The Designing Woman

The perfect career of Lauren Bacall—an exquisite beauty with the quickest mind in the room—in five films.

Lauren Bacall, 1944
Lauren Bacall, 1944

Photo via John Kobal Foundation/Getty Images

She was the pure molten essence of a mid-20th-century movie star—if something that’s molten can somehow also be cool. Her beauty was classical, sculptural, a little remote, and all her life she carried herself not only with a dancer’s grace, but with a sly awareness of the power conferred on her by that sheer physical exquisiteness. But even at age 19—playing opposite a 44-year-old Humphrey Bogart in Howard Hawks’ To Have and Have Not, in what’s surely one of the most indelible screen debuts in Hollywood history—Lauren Bacall also clearly conveyed the sense of having the quickest mind in the room. When the people in the room include Bogart and Hawks, that’s saying something.

Here she is walking into Bogart’s life and ours for the first time—a micro-scene, less than a minute long and with only two lines of dialogue (both hers), but look at what a tight game of erotic gamesmanship and mutual risk assessment these two are playing. “Anybody got a match?” she asks, and as he gets out the pack to toss to her, we get the pun: They have a match, a sizzling hot one that’s about to set fire to Bogart’s third marriage. Bacall’s timing as she lights her cigarette and tosses the burnt-out match over her shoulder is pure comic bliss. 

According to legend, Bacall was so nervous during filming that she invented the chin-down, eye-locking gaze that her publicist would later dub “the Look” in order to keep from visibly trembling on-camera. Yet she spoke that drop-dead noir dialogue, to quote film historian David Thomson, “as if she had been up all night writing the script.” (In fact, it was William Faulkner who had been burning the midnight oil; he contributed to a late rewrite of the screenplay, an adaptation of a novel by his archrival Ernest Hemingway.)

Two years later in The Big Sleep—another Hawks production co-scripted by Faulkner, this time from a Raymond Chandler novel—Bogart and Bacall, by then married, had developed a slightly different, if just as smoldering, onscreen dynamic. As the detective Philip Marlowe and his possibly duplicitous client Vivian Rutledge, the two circle one another like hawks, interrogating the meaning of every word and gesture. In this scene, Vivian, delivering a doctored version of the truth to her just-hired private eye, inadvertently gives away her own “tell”: When nervous, she toys with the hem of her skirt, allowing Marlowe to deduce that she’s lying even as she reveals a strategic glimpse of gam. The moment the mounting tension between the two resolves in a slightly naughty sight gag is another triumph of Bacall’s undersung comic timing.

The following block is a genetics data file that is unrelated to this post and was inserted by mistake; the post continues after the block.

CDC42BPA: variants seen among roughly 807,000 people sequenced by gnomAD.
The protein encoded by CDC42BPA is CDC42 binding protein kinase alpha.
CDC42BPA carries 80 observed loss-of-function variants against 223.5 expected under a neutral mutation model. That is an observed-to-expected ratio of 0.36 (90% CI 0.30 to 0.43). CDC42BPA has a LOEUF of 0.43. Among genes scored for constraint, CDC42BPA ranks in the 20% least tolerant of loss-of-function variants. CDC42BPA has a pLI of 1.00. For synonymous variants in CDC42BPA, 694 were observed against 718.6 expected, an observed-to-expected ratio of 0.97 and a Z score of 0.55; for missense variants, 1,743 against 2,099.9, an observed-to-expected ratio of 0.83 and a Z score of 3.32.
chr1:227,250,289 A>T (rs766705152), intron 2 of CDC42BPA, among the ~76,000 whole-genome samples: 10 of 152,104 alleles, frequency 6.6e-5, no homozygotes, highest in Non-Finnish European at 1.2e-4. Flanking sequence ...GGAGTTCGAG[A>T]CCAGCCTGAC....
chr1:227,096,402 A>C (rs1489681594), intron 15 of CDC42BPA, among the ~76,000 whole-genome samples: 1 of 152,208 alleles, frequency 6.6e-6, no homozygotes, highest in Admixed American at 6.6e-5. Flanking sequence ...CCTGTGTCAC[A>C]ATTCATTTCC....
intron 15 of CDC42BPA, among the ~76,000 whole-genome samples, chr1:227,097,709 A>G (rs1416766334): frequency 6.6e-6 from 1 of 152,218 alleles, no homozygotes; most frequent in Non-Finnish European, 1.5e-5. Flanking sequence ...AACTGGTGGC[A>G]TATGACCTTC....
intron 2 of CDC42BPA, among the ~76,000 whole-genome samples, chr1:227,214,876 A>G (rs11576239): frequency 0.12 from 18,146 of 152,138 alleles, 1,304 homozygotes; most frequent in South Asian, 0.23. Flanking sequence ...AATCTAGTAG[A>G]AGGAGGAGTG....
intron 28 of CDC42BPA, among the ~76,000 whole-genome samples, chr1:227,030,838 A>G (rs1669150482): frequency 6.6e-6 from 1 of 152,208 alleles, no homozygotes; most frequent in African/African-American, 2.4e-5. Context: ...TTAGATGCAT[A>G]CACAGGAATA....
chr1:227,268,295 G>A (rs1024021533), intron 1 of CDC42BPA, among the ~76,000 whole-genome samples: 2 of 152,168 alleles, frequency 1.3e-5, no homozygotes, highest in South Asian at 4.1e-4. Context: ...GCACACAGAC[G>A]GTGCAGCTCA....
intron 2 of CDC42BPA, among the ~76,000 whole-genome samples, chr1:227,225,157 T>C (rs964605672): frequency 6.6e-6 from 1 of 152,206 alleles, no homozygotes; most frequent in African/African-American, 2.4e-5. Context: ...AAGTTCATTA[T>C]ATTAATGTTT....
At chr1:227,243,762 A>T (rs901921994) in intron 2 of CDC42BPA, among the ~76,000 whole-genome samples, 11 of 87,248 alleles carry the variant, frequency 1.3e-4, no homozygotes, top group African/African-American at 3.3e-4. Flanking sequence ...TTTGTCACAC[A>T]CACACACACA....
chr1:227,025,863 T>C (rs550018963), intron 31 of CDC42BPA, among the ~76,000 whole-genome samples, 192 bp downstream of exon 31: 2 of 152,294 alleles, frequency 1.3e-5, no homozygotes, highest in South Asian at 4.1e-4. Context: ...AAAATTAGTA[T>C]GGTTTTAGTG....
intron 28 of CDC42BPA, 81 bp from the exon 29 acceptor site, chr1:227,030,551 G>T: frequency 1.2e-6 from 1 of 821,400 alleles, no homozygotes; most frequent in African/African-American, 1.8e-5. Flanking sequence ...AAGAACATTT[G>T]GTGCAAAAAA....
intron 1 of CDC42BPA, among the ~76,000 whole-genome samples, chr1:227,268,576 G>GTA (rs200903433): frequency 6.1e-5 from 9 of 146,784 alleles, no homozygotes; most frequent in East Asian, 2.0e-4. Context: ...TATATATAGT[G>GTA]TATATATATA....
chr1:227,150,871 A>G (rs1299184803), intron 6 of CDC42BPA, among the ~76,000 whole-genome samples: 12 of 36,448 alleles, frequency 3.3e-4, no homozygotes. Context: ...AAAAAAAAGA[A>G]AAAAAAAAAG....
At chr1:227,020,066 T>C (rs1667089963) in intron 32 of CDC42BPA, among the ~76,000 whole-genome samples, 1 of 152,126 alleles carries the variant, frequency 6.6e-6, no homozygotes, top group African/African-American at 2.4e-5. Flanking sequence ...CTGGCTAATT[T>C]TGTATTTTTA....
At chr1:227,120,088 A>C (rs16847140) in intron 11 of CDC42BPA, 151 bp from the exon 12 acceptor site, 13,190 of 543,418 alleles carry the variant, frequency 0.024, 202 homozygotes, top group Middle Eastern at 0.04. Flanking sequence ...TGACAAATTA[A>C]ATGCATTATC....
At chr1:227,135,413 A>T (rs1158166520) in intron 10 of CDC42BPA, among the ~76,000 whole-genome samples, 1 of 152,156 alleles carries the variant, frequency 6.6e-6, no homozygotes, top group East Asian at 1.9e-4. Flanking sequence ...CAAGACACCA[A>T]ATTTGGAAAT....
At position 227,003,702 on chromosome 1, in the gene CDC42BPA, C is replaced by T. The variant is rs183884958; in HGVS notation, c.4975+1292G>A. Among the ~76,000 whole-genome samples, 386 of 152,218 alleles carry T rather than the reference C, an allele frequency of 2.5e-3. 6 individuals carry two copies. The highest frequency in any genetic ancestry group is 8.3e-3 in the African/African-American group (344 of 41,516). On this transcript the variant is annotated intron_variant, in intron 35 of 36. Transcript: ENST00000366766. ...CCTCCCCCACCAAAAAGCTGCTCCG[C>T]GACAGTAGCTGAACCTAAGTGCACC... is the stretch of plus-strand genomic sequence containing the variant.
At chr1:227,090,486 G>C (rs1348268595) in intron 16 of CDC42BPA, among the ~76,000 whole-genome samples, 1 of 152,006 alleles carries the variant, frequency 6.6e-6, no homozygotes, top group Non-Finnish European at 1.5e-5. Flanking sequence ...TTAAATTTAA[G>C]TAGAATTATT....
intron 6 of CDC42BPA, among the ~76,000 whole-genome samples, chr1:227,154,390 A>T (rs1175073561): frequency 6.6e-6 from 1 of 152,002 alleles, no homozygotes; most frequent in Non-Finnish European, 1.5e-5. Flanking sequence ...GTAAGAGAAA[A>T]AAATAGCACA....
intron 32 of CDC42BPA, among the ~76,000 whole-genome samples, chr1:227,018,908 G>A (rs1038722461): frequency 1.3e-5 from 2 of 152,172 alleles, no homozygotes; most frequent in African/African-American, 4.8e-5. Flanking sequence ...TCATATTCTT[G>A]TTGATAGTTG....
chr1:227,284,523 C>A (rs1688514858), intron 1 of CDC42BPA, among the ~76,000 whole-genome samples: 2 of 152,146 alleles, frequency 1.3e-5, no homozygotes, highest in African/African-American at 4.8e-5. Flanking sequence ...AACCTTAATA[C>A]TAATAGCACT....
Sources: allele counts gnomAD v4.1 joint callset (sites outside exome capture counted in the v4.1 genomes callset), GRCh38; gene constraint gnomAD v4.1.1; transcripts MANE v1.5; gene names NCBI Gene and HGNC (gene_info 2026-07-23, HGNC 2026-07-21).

In between To Have and Have Not and The Big Sleep, Bacall received terrible notices for her performance in the Graham Greene adaptation Confidential Agent, which hurt her confidence and her career for years. When she wasn’t acting opposite Bogart, she could sometimes appear stiff and solemn, her natural reserve coming off as chilly remoteness (though when she started to perform onstage later in life, she found a new exuberance that would eventually win her two Tonys). But in the right film role, that chill could be potent. In Douglas Sirk’s great 1956 melodrama Written on the Wind, Bacall plays the wife of an alcoholic playboy (Robert Stack)—a man who, by all highly coded appearances, is a miserable closet case secretly in love with his best friend (Rock Hudson). In the scene below, the three of them meet at a bar for a subtext-laden and thoroughly joyless drink. Sirk leaves the camera on Bacall’s face as she watches Stack fall apart; her almost affectless stoicism is the perfectly judged counterpart to his ostentatious despair. This is the face of a woman who knows what’s going on yet can’t quite let herself know.